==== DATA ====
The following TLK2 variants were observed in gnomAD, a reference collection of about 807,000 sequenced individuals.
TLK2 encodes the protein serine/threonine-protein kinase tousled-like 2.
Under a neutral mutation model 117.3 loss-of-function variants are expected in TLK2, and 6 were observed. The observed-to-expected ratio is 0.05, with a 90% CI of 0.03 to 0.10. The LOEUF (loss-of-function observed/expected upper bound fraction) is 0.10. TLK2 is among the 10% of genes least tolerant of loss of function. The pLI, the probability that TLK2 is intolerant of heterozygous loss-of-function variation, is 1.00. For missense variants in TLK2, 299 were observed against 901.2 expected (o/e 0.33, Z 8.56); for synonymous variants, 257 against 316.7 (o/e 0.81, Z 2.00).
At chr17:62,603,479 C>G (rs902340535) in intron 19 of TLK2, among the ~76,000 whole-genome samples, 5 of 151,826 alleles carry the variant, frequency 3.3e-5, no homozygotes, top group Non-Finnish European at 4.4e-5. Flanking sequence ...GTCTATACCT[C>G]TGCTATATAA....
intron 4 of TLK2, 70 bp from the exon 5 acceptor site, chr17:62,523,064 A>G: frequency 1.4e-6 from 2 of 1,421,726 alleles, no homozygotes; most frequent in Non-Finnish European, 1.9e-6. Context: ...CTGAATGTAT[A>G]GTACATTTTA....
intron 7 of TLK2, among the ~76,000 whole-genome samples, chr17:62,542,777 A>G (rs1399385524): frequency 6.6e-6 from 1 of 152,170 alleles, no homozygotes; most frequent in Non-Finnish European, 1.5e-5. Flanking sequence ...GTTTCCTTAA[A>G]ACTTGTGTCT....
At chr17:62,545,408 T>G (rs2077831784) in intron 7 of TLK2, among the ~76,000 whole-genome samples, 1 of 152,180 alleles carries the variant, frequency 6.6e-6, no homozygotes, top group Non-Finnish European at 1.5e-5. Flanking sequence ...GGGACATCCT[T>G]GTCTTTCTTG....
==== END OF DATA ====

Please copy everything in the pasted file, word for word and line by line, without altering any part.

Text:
The following TLK2 variants were observed in gnomAD, a reference collection of about 807,000 sequenced individuals.
TLK2 encodes the protein serine/threonine-protein kinase tousled-like 2.
Under a neutral mutation model 117.3 loss-of-function variants are expected in TLK2, and 6 were observed. The observed-to-expected ratio is 0.05, with a 90% CI of 0.03 to 0.10. The LOEUF (loss-of-function observed/expected upper bound fraction) is 0.10. TLK2 is among the 10% of genes least tolerant of loss of function. The pLI, the probability that TLK2 is intolerant of heterozygous loss-of-function variation, is 1.00. For missense variants in TLK2, 299 were observed against 901.2 expected (o/e 0.33, Z 8.56); for synonymous variants, 257 against 316.7 (o/e 0.81, Z 2.00).
At chr17:62,603,479 C>G (rs902340535) in intron 19 of TLK2, among the ~76,000 whole-genome samples, 5 of 151,826 alleles carry the variant, frequency 3.3e-5, no homozygotes, top group Non-Finnish European at 4.4e-5. Flanking sequence ...GTCTATACCT[C>G]TGCTATATAA....
intron 4 of TLK2, 70 bp from the exon 5 acceptor site, chr17:62,523,064 A>G: frequency 1.4e-6 from 2 of 1,421,726 alleles, no homozygotes; most frequent in Non-Finnish European, 1.9e-6. Context: ...CTGAATGTAT[A>G]GTACATTTTA....
intron 7 of TLK2, among the ~76,000 whole-genome samples, chr17:62,542,777 A>G (rs1399385524): frequency 6.6e-6 from 1 of 152,170 alleles, no homozygotes; most frequent in Non-Finnish European, 1.5e-5. Flanking sequence ...GTTTCCTTAA[A>G]ACTTGTGTCT....
At chr17:62,545,408 T>G (rs2077831784) in intron 7 of TLK2, among the ~76,000 whole-genome samples, 1 of 152,180 alleles carries the variant, frequency 6.6e-6, no homozygotes, top group Non-Finnish European at 1.5e-5. Flanking sequence ...GGGACATCCT[T>G]GTCTTTCTTG....